The supposedly holy scripture collects absurdities. Hence the miracles of the prophets. Meslier devotes a long time to cutting to pieces these ravings that contradict the laws of nature, which are the only rules recognized in a sound undertaking conducted by the light of reason. Whatever happens manifests itself ineluctably according to the natural order. We cannot believe in the possibility of walking on water, of splitting the sea into two, resuscitating the dead, healing the incurable, multiplying fish, changing water into wine, and so on without exposing ourselves to ridicule.
If someone today claimed to accomplish this kind of miracle or to have been present at one of them, certainly he would be led away to join other madmen, for he would be mad. These extravagances are not to be read in an allegorical sense because they are presented as proof of divine supernatural powers.
Meslier puts into perspective the pagan texts and the holy texts, then shows that miracles abound in each category as in the other. Philostratus' Life of Apollonius of Tyana is as valuable as either the gospel narrator or the apologetic books telling about the lives of saints, who, decapitated, keep walking on their road, immersed in a cauldron of boiling oil, continue to pray and preach calmly, dismembered or cooked on the grill, eviscerated down to the last intestine, keep sporting a smug smile of the insane, certain of their deeds.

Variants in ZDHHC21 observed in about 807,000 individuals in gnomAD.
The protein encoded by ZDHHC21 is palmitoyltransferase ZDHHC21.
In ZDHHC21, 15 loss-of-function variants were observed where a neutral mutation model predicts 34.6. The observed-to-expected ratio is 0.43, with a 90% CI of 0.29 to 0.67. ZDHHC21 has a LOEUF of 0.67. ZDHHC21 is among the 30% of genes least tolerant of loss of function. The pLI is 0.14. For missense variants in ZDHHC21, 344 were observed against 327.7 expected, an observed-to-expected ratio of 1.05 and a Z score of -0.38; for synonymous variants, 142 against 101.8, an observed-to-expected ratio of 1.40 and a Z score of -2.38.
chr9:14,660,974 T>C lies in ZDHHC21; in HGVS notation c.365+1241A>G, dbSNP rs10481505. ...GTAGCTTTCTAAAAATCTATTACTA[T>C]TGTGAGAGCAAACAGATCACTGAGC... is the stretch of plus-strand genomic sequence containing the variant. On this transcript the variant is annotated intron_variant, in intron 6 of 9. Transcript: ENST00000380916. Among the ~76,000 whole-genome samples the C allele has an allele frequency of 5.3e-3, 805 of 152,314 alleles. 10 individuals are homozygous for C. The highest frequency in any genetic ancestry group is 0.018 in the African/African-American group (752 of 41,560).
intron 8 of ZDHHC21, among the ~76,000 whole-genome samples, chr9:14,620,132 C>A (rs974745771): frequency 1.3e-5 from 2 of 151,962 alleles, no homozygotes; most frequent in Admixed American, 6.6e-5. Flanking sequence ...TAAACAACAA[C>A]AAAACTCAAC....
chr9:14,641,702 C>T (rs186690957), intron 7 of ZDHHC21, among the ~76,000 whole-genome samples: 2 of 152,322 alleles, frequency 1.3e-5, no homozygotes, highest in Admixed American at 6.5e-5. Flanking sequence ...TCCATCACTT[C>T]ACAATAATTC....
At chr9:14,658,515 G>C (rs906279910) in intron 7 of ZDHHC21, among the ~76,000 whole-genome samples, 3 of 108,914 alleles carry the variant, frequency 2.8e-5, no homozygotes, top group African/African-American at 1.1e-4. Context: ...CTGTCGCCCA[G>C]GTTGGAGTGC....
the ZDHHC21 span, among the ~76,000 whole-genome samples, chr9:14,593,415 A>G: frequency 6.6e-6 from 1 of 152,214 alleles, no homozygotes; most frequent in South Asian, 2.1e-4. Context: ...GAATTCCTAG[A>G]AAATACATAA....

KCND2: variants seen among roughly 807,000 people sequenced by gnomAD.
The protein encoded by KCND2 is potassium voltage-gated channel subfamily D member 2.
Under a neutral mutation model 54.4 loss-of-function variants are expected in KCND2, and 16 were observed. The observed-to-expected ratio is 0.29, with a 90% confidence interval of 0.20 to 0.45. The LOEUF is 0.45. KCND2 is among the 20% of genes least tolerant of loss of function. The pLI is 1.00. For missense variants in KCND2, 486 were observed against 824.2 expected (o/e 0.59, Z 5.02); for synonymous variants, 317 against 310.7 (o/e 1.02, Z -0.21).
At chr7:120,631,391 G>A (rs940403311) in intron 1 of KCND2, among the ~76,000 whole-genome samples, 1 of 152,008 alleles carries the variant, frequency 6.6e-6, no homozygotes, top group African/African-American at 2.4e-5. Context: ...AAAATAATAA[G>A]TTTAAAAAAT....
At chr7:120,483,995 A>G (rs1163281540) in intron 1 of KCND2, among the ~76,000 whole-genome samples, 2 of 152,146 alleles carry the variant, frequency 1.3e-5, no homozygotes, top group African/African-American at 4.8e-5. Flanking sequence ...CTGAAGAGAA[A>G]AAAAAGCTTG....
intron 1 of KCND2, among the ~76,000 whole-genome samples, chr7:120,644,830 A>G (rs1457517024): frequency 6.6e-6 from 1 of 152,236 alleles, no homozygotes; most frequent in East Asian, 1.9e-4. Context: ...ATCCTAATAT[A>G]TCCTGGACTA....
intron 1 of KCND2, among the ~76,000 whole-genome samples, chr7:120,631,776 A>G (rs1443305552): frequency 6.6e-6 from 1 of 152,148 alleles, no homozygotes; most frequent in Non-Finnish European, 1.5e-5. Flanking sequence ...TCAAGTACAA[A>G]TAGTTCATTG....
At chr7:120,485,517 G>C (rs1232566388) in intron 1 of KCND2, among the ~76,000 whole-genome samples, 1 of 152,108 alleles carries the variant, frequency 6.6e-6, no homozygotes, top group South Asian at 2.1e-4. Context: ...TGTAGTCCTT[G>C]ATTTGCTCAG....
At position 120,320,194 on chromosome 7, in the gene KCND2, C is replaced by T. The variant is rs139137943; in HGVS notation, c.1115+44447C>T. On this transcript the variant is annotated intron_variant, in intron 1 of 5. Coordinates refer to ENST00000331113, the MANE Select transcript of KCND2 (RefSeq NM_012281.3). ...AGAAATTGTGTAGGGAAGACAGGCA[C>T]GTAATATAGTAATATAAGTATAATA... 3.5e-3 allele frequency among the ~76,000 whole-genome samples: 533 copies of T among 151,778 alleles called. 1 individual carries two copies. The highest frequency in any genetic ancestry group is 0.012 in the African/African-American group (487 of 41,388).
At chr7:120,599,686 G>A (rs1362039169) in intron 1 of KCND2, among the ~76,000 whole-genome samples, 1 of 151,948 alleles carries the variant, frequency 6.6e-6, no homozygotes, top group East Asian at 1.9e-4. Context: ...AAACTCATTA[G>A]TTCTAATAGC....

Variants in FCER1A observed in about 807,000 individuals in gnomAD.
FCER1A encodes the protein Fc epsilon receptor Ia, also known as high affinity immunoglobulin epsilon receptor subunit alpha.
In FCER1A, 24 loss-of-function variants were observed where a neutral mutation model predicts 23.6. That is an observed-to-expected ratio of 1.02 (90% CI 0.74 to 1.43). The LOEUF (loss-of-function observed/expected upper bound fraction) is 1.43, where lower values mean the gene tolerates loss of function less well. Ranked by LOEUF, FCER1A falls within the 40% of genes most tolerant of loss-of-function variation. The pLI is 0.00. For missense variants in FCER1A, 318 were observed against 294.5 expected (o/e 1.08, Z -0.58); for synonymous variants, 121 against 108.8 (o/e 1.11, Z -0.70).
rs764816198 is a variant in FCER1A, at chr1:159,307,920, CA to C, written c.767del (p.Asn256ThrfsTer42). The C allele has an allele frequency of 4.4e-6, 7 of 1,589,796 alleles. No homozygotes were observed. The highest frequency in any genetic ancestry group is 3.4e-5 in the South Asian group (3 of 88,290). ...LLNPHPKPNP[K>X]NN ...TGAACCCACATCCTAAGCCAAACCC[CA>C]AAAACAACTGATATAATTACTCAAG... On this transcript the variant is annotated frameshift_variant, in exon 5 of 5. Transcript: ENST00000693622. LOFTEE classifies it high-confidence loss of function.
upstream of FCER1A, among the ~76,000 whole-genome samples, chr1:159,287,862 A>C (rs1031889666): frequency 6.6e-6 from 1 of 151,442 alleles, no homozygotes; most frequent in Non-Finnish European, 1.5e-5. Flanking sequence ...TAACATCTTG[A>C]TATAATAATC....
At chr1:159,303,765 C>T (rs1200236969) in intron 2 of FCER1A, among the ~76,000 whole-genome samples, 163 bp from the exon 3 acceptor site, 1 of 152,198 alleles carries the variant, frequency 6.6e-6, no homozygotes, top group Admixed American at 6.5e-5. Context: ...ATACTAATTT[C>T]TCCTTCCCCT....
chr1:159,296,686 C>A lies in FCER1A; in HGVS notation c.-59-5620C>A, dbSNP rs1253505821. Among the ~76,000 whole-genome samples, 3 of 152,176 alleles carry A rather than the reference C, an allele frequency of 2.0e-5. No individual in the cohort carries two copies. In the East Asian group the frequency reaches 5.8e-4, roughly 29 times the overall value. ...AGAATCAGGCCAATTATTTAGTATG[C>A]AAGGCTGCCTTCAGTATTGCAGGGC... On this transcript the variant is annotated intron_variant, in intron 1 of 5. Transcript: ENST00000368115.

To which he adds theological considerations: let us even admit the existence of miracles, what would we have to conclude about them? That this God who grants his favors in a random manner, saving one but rejecting another, granting his benevolence to the first but not to the second, this God must be of an unshakable cruelty! One who, (see above), contradicts even the definition of God which always emphasizes Justice. To become credible the miracle ought to work for everyone, always, all the time, which would define paradise on earth. And we are far from it. CQFD (Ce qu'il fallait demontrer, That which must be demonstrated — tr.), writes Spinoza.
The extravagances recorded in the Bible are no more worthy of credit than the miracles. Hence, to hold with Genesis, the primal paradise, the talking serpent, the story of the apple — or of the plum, writes Meslier — the tree of life, of knowledge, a first man and a first woman, an original sin, its transmission to all the descendants of Adam and Eve. Fable, fable, fable . . .